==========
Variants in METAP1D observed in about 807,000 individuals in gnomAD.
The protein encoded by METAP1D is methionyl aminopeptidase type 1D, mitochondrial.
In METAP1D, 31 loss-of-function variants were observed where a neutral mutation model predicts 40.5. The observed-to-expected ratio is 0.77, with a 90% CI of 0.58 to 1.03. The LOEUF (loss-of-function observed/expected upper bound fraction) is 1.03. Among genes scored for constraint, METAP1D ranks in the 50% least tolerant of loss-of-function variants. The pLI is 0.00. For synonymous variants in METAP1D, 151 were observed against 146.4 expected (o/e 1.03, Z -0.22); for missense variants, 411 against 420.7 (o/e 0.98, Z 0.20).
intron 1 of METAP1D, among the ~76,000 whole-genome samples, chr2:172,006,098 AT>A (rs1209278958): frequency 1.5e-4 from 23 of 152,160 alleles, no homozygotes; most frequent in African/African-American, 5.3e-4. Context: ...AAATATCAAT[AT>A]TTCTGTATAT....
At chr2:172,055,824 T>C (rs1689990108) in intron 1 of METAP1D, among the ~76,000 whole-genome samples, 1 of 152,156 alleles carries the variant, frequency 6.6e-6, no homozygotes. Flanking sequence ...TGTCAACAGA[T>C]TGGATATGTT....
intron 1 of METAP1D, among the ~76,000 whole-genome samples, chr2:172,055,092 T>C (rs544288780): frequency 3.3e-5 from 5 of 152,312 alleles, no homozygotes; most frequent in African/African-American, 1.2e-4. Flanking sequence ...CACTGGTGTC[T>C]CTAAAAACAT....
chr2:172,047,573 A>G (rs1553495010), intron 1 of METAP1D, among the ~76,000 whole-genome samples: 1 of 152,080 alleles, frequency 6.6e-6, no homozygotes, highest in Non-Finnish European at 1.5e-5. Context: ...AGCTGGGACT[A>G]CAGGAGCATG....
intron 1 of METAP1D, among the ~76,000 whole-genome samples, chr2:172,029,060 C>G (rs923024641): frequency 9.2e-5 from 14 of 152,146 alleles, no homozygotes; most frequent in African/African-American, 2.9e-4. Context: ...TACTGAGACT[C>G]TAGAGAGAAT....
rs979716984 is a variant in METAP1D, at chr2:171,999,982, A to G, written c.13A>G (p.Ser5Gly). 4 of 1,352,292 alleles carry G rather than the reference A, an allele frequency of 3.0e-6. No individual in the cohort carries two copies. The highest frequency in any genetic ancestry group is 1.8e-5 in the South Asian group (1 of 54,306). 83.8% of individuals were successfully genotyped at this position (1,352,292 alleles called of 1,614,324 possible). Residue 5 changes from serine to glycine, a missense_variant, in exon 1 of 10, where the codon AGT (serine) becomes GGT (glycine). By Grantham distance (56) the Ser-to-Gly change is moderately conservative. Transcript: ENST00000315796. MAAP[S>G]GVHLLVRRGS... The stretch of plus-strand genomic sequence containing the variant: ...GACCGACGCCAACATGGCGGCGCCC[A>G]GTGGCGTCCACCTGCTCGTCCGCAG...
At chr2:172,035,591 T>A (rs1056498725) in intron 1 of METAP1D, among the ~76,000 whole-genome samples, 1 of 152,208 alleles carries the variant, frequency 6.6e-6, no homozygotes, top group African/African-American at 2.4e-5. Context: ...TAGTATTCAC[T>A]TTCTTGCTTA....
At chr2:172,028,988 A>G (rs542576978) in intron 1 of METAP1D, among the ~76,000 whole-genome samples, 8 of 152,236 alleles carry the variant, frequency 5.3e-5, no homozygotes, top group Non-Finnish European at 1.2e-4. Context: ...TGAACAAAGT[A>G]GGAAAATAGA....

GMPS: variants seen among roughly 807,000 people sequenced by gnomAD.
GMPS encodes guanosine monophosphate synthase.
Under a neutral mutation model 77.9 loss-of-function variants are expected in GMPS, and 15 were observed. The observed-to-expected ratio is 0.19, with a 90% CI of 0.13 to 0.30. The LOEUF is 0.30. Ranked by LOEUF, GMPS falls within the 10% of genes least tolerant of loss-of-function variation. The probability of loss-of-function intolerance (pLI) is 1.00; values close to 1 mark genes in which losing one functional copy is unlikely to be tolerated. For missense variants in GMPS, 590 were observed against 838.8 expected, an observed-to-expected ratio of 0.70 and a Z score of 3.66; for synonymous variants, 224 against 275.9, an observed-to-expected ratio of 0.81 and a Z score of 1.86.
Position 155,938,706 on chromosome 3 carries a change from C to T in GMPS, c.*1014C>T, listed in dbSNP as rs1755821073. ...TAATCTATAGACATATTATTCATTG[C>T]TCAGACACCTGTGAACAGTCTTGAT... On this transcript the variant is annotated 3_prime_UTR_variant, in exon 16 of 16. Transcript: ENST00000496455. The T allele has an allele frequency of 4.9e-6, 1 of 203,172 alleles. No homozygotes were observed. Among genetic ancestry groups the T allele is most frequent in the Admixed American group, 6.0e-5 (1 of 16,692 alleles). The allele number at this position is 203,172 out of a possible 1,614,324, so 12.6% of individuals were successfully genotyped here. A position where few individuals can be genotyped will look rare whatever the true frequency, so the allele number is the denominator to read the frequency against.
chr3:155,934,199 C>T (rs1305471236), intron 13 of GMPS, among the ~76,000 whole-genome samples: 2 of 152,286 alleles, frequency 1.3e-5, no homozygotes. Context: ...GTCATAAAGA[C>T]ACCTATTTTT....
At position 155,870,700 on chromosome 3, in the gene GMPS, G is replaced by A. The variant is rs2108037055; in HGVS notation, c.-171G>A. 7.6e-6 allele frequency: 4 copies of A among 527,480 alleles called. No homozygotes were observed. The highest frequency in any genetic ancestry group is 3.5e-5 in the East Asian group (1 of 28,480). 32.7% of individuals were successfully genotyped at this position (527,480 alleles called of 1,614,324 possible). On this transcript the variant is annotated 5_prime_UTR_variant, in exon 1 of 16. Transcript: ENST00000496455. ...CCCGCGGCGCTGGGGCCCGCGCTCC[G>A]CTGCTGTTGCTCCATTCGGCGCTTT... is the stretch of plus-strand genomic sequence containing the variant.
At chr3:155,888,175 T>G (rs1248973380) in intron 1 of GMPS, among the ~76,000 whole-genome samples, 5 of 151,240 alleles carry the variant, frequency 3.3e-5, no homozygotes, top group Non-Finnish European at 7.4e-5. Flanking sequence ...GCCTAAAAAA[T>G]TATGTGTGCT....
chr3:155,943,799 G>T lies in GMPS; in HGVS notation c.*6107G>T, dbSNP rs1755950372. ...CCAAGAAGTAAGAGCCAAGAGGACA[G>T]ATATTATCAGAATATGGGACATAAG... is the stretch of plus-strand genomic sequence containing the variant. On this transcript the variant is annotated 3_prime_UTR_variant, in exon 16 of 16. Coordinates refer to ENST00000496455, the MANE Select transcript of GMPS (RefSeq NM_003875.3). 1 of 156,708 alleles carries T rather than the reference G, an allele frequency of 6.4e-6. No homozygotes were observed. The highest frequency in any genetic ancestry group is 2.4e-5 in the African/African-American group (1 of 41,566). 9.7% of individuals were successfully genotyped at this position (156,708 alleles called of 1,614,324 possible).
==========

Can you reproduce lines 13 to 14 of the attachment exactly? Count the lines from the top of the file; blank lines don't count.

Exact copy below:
GMPS encodes guanosine monophosphate synthase.
Under a neutral mutation model 77.9 loss-of-function variants are expected in GMPS, and 15 were observed. The observed-to-expected ratio is 0.19, with a 90% CI of 0.13 to 0.30. The LOEUF is 0.30. Ranked by LOEUF, GMPS falls within the 10% of genes least tolerant of loss-of-function variation. The probability of loss-of-function intolerance (pLI) is 1.00; values close to 1 mark genes in which losing one functional copy is unlikely to be tolerated. For missense variants in GMPS, 590 were observed against 838.8 expected, an observed-to-expected ratio of 0.70 and a Z score of 3.66; for synonymous variants, 224 against 275.9, an observed-to-expected ratio of 0.81 and a Z score of 1.86.